6

I'm making a program which requires arguments from context menu (click a file and invoke my program with the file name as parameter).

I'm trying to add a registry key to ...\shell\myThing\command. What I'd like to is the following:

C:\Program Files (x86)\Feliratozo\Feliratozo.exe %1

I'd like to use %ProgramFiles(x86)% environment variable, because I've read somewhere that it works on x86 and x64 Windows as well. (Changing to "normal" Program Files on x86.) The problem comes when I try to set:

%ProgramFiles(x86)%\Feliratozo\Feliratozo.exe %1

This way when I try to use the said context menu item, it gives the following error:

Windows cannot access the specified device, path, or file. You may not have the appropriate permissions to access the item.

The permission problem doesn't seem to be correct because when using absolute path it works.

What can I do now?

  • 4
    Did you remember to Change the registry Setting to be a REG_EXPAND_SZ instead of a REG_SZ!? – Werner Henze May 23 '13 at 11:57
  • 1
    By the way, part of your premise is faulty. on a 32bit PC, you cannot evaluate the env var %ProgramFiles(x86)%. you will recieve the message 'The system cannot find the path specified.'. Personally from a pathing perspective, its better to use regular old '%ProgramFiles%' since it will always resolve to a folder regardless of the bittedness of the host. – Frank Thomas May 23 '13 at 12:08
  • 1
    Thank you both. Werner Henze, if you make an answer, I can accept it, this way I can't even give a Vote Up for your comment. – Martin Fejes May 23 '13 at 12:56
  • @Martin Fejes: Made it an answer. Please only accept it if you tested it and it worked. I am not sure if Explorer is expanding environment variables in these registry keys at all. – Werner Henze May 23 '13 at 13:19
10

You should remember to make the registry value a REG_EXPAND_SZ instead of a REG_SZ. Normally, only REG_EXPAND_SZ values are expanded.

  • 2
    If the value happens to be the (Default) key, you will find you cannot change its type via the Registry Editor GUI. To get around this, create the key manually: copy/save its current value, from an Admin PowerShell window/command prompt run reg.exe add <path-to-value> /ve /t REG_EXPAND_SZ /d "<value>". Voila, your (Default) key is now a REG_EXPAND_SZ! – Ian Kemp Jun 15 '18 at 5:12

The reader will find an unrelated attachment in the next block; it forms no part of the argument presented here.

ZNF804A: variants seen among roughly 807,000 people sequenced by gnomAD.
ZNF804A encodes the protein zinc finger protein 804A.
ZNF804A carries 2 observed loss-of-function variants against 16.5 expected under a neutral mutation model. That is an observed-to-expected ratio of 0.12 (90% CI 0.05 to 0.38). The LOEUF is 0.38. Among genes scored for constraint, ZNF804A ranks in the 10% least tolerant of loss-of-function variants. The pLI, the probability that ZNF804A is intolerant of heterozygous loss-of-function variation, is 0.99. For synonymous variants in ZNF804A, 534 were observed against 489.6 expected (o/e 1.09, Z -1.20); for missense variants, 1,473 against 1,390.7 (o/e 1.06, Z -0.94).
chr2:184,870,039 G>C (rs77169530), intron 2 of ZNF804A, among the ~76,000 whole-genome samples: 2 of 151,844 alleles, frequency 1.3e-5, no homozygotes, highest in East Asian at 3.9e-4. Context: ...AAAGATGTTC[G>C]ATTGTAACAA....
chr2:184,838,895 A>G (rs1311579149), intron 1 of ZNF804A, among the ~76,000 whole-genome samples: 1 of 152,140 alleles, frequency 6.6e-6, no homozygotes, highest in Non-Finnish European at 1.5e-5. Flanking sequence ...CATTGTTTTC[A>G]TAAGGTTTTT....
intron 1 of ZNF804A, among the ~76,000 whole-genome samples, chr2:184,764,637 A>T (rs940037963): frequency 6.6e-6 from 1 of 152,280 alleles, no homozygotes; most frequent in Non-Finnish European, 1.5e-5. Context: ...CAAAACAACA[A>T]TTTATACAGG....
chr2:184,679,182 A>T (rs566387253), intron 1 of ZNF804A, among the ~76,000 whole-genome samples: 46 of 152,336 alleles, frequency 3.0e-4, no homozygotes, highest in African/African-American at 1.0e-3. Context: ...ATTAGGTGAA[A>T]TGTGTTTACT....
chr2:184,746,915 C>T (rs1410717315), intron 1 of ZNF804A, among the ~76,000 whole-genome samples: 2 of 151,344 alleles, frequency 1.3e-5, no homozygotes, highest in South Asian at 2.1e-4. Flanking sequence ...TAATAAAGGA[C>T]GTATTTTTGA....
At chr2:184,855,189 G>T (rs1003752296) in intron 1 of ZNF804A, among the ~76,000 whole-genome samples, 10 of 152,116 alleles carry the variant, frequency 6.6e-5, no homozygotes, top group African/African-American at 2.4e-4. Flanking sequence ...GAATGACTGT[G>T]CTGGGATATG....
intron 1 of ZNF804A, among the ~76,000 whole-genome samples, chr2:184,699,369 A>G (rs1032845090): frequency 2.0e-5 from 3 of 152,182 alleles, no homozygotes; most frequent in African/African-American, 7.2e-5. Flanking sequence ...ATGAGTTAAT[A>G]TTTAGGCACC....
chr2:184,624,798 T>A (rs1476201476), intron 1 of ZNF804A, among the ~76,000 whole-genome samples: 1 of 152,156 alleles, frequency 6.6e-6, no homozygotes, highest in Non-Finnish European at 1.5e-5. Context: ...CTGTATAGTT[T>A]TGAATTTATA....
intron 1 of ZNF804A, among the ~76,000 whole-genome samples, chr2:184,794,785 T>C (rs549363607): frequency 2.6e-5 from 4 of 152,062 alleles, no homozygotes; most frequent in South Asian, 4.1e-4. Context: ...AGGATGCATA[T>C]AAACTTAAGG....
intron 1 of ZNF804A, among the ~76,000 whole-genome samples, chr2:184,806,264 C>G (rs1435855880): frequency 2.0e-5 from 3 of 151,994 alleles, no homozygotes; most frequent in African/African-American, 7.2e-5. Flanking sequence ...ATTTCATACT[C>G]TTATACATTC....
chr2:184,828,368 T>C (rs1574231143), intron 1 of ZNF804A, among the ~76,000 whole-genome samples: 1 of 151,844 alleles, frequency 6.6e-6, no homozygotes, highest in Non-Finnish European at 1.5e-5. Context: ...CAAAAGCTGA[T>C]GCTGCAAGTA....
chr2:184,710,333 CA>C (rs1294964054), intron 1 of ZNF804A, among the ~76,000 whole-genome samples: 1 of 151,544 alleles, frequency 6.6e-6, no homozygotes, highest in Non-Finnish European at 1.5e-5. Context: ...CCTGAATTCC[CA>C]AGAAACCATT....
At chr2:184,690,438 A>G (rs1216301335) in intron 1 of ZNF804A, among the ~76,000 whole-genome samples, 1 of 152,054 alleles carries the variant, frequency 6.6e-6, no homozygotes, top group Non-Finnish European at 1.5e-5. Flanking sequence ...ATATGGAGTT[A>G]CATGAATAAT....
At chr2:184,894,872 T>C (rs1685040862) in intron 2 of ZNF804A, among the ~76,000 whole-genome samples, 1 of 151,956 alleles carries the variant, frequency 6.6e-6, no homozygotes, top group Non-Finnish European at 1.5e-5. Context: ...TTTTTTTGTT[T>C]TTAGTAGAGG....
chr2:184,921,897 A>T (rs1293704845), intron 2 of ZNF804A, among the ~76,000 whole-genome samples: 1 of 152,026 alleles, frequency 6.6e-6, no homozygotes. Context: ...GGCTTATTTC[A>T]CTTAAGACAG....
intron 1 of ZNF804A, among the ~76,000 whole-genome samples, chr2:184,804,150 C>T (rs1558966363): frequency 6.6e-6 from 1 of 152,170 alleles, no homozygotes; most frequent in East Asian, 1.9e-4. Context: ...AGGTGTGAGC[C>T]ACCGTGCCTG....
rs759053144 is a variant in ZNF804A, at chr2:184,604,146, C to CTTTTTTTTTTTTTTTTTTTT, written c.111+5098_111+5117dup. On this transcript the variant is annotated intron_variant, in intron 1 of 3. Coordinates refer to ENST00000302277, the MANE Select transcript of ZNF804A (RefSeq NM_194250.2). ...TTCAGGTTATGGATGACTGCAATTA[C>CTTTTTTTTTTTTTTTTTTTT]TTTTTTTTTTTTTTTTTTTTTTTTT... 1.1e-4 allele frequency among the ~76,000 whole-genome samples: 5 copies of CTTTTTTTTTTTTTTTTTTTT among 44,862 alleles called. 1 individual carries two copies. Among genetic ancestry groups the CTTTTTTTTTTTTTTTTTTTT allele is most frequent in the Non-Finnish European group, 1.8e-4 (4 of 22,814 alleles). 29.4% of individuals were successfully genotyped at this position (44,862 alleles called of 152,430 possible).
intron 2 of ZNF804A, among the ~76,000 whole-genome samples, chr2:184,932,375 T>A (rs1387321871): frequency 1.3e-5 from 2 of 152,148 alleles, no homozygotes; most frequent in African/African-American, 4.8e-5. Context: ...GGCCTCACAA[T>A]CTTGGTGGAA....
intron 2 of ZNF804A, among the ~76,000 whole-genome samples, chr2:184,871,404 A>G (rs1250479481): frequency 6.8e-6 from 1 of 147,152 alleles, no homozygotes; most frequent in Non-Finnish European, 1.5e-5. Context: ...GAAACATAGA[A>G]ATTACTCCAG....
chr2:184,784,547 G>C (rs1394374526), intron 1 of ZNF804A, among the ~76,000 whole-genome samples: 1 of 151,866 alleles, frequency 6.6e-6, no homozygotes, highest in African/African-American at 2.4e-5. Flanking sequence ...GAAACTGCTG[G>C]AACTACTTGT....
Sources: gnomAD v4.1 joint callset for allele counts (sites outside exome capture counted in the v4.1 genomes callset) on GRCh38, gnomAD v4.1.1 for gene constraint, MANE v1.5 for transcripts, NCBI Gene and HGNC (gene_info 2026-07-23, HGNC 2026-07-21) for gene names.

• 1
    @IanKemp don't forget to quote the "<path-to-value>" and remember the angle brackets are not part of the value – smac89 Apr 13 at 8:44
1

Don't forget that %ProgramFiles(x86)% will expand with spaces in the name so the path(s) needs to be enclosed in quotes. It might work like: "%ProgramFiles(x86)%\Feliratozo\Feliratozo.exe" "%1" Also, Frank Thomas is correct about %ProgramFiles(x86)% not working on 32bit Windows.

Variables are expanded based on the parent process though. %ProgramFiles% will expand to C:\Program Files (x86) on a 64bit installation if you use the 32bit console or regedit (Located in SysWOW64).

A simple solution:

Install.cmd:

IF EXIST %WinDIR%\SysWOW64\regedit.exe (
   %WinDIR%\SysWOW64\regedit.exe /s Install.reg
) ELSE (
   %WinDIR%\regedit.exe /s Install.reg
)

Install.reg:

Windows Registry Editor Version 5.00

[...\shell\myThing\command]
@="\"%ProgramFiles%\\Feliratozo\\Feliratozo.exe\" \"%1\""
-1

Use an Expandable String

DWORD = dword: Expandable String = hex(2): Multi String = hex(7):

A DWORD is a 32-bit unsigned integer (range: 0 through 4294967295 decimal) In the registry, a DWORD always begins with 0x. In the registry, DWORDS always have 8 digits that follow 0x. This can be in decimal or hexadecimal format, 1000 can be written as: 0x00001000 or 0x000003e8

DWORDS can only make use of the digits 0-9. Strings, any kind, always use ASCII, in ACSII 1000 can only be written as 31,30,30,30 For the String data type, ASCII works in the background without you even knowing. It has to because the computer only understand 1s and 0s. For Expandable String and Multi String data types, these save your entries as a series of ASCII codes in a hexadecimal format, separated by a commas and hex zeroes. So, an Expandable String of 1000 would be: hex(2):31,00,30,00,30,00,30,00

So let's convert %PROGRAMFILES% into an expandable string. First, download this: https://hotfile.com/dl/244097278/55aa086/ASCII_2_HEX_Conversion_Tool.7z.html

Now open that in any modern browser. Put %PROGRAMFILES% into the ASCII box, and select encode it. It will give you %25%50%52%4F%47%52%41%4D%46%49%4C%45%53%25 Copy paste that into a text editor, move the first % to the end. Select the replace command, find all "%" and replace with ",00,". Remove the comma at the very end. You should get: 25,00,50,00,52,00,4F,00,47,00,52,00,41,00,4D,00,46,00,49,00,4C,00,45,00,53,00,25,00 And finally, hex(2):25,00,50,00,52,00,4F,00,47,00,52,00,41,00,4D,00,46,00,49,00,4C,00,45,00,53,00,25,00

Done.

Have you ever tried to convert a curious hex registry entry into ASCII and failed miserably. This lesson contains all the knowledge required to reverse engineer any hex coded registry entry that is not encrypted. Have Fun!

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